New Papers Drawn from CFS Dataset
Underscore the Power of Partnerships
By Suzanne Vernon, PhD
Suzanne Vernon, PhD, is the Association’s scientific director.
To learn more about our scientific director, read “Meet Suzanne Vernon” (PDF format).
During the fall of 2005—when I was still at the Centers for Disease Control and Prevention (CDC)—25 investigators from around the world participated in the CFS Computational Challenge (C3), working together on what is arguably one of the richest and most comprehensive CFS clinical datasets, drawn from a two-day in-hospital study in Wichita, Kansas. Three years later, the dataset and collaborative concept initiated with C3 continues to yield insight into CFS.
Following C3, the CDC approved the sharing of the Wichita clinical dataset with both the CAMDA 2006 meeting at Duke University and the CAMDA 2007 meeting in Barcelona—scientific forums where biologists, statisticians, computer scientists and mathematicians from around the world compete with the best algorithms and software tools to assess different techniques used in genomics. This provided more opportunity to partner with a diverse and expert scientific group for some fresh perspectives, new tools and approaches to decipher CFS. A UCLA postdoctoral fellow won the 2006 CAMDA competition, and her work using a genomic approach to describe immune cell dysfunction in CFS is currently being considered for publication.
In fact, over the past three years, sharing the Wichita clinical dataset and partnering with expert extramural scientists has resulted in 20 publications. In addition to these 20 publications, the CDC's CFS Research Program has published at least 15 papers on the Wichita clinical study.
Meanwhile, two papers from participants of the CAMDA 2007 meeting have just been published in the journal Genomics: one by Jim Fuite, PhD, and colleagues, describing immune cell communication differences in CFS and the other by Madhuchhanda Bhattacharjee, PhD, and colleagues, identifying genes, gene activity and protein markers of CFS.
The Genomics paper by Fuite and his colleagues is titled “Neuroendocrine and Immune Network Re-modeling in Chronic Fatigue Syndrome: An Exploratory Analysis.” Using the Wichita clinical data and some mathematical techniques to identify patterns and communication networks, the authors are able to demonstrate that people with CFS have immune gene activity that resembles chronic inflammation. This altered immune function, in turn, affects neuroendocrine function in people with CFS. By examining data from several body systems at the same time, this is the first comprehensive assessment that demonstrates severe disturbances across multiple physiologic systems. These physiologic disturbances likely underpin CFS symptoms.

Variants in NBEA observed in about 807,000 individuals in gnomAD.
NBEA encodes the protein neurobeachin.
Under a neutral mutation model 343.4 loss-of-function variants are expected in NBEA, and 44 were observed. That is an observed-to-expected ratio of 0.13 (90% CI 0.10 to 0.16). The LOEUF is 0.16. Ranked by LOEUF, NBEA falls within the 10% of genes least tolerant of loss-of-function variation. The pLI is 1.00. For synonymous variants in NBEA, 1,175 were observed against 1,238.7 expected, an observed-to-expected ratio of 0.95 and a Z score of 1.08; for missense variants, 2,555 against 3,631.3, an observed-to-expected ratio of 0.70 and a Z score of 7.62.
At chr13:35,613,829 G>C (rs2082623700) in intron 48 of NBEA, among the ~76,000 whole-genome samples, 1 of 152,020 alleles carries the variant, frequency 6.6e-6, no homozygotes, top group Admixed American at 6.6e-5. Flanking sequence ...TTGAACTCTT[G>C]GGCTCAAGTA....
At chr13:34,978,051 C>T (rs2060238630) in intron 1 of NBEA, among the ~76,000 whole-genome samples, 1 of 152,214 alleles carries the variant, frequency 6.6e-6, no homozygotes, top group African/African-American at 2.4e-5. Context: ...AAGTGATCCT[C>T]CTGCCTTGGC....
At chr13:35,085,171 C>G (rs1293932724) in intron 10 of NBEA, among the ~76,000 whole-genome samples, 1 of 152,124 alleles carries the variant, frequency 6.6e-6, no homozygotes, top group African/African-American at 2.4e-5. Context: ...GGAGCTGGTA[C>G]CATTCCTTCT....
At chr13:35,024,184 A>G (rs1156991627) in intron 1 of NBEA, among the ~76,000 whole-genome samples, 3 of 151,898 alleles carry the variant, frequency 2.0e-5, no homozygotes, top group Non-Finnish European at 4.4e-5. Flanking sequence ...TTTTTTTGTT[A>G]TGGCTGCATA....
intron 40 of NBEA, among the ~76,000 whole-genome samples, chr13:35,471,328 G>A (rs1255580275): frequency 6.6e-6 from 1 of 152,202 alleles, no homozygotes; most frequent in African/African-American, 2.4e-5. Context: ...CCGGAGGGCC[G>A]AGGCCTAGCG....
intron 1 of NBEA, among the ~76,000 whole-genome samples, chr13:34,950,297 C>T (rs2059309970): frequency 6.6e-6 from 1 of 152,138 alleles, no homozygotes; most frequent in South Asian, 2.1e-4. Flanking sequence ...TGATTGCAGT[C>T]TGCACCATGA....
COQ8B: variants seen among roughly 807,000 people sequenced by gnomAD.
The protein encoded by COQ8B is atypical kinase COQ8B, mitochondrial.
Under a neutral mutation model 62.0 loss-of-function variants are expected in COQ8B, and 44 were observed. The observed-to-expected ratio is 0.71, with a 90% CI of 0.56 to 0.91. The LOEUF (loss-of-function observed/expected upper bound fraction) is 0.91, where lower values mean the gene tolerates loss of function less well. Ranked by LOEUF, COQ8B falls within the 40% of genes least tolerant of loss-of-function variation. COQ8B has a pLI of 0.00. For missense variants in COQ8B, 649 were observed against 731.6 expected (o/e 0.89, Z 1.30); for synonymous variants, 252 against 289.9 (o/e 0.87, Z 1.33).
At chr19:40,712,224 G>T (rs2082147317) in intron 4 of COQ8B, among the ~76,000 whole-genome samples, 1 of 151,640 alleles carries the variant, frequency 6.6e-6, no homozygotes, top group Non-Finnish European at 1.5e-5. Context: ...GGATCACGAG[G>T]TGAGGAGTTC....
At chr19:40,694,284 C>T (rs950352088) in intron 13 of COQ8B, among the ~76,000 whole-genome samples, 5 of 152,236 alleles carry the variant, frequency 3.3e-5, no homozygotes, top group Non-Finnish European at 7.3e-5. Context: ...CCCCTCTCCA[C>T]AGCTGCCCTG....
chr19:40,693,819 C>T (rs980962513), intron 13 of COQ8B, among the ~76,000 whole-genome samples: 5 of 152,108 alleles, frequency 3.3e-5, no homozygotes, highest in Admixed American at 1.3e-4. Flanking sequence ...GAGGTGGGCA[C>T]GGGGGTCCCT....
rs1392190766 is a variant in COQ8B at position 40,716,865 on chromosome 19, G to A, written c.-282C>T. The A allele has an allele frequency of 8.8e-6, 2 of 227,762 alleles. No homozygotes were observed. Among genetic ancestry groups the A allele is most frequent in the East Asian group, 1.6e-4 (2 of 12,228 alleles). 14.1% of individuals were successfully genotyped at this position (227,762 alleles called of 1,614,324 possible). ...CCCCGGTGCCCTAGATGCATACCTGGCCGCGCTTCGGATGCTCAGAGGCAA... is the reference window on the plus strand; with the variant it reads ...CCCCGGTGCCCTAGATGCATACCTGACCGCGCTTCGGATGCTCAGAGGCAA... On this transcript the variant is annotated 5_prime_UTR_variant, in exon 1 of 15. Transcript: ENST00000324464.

The other paper, by Bhattacharjee and his colleagues, titled “Bayesian Biomarker Identification Based on Marker-expression Proteomics Data,” used probability theory (Bayesian methods) to identify markers specific to fatigue that are also possibly exclusive to CFS. While this paper is more about the analysis technique than CFS, the findings are indeed remarkable. It identifies genes that have been found important in other CFS studies (e.g., the glucocorticoid receptor) and chromosomes with genes that are differentially active in CFS.
Lastly and importantly, these authors are the first to publish findings from the comprehensive proteomic analysis conducted on serum from the 227 participants in the Wichita clinical study. By relating the genetic data to the activity of genes and then to the production of proteins, Bhattacharjee identifies several regions of the genome that are associated with CFS. This is important because science already understands some functions of these genomic regions, helping to implicate possible biologic perturbations that may either be the cause of CFS or the mechanism that sustains the illness.
These two papers are excellent examples of the power of scientific partnerships and of sharing scientific data. There’s a tremendous amount of biologic proof wrapped into the 35 publications that have been published from the Wichita clinical dataset so far. These papers have advanced our understanding of CFS, have documented biologic explanations for CFS symptoms and should be used to develop models that will allow us to identify and objectively diagnosis CFS subtypes and to tailor management and treatment accordingly.
This reinforces the CFIDS Association's belief that the time is ripe for collaborative partnerships, research networks and leveraging existing CFS data to get the best value and fastest progress in CFS research.
Bhattacharjee M, Botting CH, Sillanpää MJ. Bayesian biomarker identification based on marker-expression proteomics data. Genomics. 2008 Aug 14. [Epub ahead of print]
Fuite J, Vernon SD, Broderick G. Neuroendocrine and immune network re-modeling in chronic fatigue syndrome: an exploratory analysis. Genomics. 2008 Sep 4. [Epub ahead of print]
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